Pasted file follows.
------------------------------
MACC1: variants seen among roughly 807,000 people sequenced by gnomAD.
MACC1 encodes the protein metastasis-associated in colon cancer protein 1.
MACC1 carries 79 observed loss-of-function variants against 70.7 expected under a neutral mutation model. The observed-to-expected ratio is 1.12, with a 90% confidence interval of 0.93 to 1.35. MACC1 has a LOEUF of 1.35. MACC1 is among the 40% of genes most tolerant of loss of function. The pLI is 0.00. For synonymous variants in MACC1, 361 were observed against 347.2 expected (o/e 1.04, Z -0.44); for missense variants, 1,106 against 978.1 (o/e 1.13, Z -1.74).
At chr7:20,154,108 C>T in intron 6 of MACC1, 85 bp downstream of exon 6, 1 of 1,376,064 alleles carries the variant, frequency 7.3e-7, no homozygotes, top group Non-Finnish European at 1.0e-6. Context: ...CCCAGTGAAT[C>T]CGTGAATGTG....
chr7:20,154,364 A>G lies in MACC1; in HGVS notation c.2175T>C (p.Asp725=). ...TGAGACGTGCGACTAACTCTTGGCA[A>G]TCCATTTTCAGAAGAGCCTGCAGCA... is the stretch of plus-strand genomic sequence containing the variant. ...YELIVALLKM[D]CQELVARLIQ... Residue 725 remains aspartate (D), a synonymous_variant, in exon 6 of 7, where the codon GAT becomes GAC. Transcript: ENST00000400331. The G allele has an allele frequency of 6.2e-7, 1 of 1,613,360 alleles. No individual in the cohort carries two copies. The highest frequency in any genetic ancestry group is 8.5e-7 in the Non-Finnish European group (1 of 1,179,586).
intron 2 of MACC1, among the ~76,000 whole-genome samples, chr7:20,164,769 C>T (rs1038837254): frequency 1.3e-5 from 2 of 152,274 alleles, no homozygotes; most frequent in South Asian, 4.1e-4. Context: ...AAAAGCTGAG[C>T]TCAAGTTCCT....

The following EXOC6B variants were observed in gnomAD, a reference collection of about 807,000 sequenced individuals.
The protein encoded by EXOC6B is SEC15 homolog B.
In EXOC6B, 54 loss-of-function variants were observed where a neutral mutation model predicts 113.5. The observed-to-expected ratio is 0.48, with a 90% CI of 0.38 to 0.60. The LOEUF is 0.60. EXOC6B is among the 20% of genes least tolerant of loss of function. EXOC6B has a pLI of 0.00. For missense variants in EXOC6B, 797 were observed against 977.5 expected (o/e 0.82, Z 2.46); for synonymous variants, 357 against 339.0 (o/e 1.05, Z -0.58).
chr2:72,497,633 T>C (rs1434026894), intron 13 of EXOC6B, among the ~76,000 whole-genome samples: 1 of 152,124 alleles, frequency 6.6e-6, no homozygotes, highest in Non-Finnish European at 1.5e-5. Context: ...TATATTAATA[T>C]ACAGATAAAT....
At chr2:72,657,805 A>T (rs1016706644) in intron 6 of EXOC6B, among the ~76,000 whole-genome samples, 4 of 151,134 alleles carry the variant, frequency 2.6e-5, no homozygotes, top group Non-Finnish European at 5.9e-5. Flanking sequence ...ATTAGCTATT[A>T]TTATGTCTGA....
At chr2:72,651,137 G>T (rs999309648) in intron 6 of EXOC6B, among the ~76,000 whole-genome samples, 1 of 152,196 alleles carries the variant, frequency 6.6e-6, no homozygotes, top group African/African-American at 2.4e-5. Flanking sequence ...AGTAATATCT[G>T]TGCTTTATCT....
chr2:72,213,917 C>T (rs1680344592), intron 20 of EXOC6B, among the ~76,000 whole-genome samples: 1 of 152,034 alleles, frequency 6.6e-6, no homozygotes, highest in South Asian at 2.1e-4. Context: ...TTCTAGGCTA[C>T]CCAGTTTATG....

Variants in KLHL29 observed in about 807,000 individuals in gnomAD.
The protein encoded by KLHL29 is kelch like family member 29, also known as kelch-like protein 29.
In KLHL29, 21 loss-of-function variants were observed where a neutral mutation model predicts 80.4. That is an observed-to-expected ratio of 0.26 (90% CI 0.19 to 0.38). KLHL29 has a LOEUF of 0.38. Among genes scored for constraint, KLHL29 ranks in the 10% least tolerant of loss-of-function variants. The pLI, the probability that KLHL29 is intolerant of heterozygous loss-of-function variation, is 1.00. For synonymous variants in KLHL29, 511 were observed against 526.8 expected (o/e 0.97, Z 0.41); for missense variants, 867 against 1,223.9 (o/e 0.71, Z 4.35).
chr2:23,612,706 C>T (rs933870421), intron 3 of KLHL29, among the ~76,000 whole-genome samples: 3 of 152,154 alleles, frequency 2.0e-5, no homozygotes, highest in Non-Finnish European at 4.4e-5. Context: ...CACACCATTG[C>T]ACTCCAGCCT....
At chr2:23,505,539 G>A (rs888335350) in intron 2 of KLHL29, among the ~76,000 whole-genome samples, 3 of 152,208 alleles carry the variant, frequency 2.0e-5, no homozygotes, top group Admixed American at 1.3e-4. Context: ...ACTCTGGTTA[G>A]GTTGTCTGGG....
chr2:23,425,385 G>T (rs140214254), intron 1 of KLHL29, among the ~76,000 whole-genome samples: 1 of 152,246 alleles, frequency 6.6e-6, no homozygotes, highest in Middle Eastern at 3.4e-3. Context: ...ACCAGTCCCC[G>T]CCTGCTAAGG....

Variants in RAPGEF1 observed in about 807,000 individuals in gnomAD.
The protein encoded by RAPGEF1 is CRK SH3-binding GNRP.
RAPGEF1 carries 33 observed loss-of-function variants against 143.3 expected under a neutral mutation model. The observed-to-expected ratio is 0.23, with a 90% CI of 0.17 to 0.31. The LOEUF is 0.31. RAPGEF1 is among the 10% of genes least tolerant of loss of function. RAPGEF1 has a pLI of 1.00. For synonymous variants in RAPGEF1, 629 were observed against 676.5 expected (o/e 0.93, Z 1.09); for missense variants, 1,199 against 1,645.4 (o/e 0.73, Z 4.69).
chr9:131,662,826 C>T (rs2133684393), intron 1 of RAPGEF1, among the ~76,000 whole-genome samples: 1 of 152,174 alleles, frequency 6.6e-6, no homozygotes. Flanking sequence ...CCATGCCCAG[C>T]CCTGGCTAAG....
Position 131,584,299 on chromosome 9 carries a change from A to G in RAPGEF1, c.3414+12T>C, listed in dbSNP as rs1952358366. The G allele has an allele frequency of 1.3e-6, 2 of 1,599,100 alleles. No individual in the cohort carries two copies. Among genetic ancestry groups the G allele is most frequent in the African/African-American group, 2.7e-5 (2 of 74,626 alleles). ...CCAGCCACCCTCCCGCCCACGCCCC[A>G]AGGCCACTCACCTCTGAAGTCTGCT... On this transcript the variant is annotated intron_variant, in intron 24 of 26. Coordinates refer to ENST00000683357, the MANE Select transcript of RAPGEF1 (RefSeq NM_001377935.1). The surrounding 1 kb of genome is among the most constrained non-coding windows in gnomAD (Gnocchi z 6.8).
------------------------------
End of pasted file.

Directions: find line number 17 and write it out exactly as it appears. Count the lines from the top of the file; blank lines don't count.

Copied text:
chr2:23,612,706 C>T (rs933870421), intron 3 of KLHL29, among the ~76,000 whole-genome samples: 3 of 152,154 alleles, frequency 2.0e-5, no homozygotes, highest in Non-Finnish European at 4.4e-5. Context: ...CACACCATTG[C>T]ACTCCAGCCT....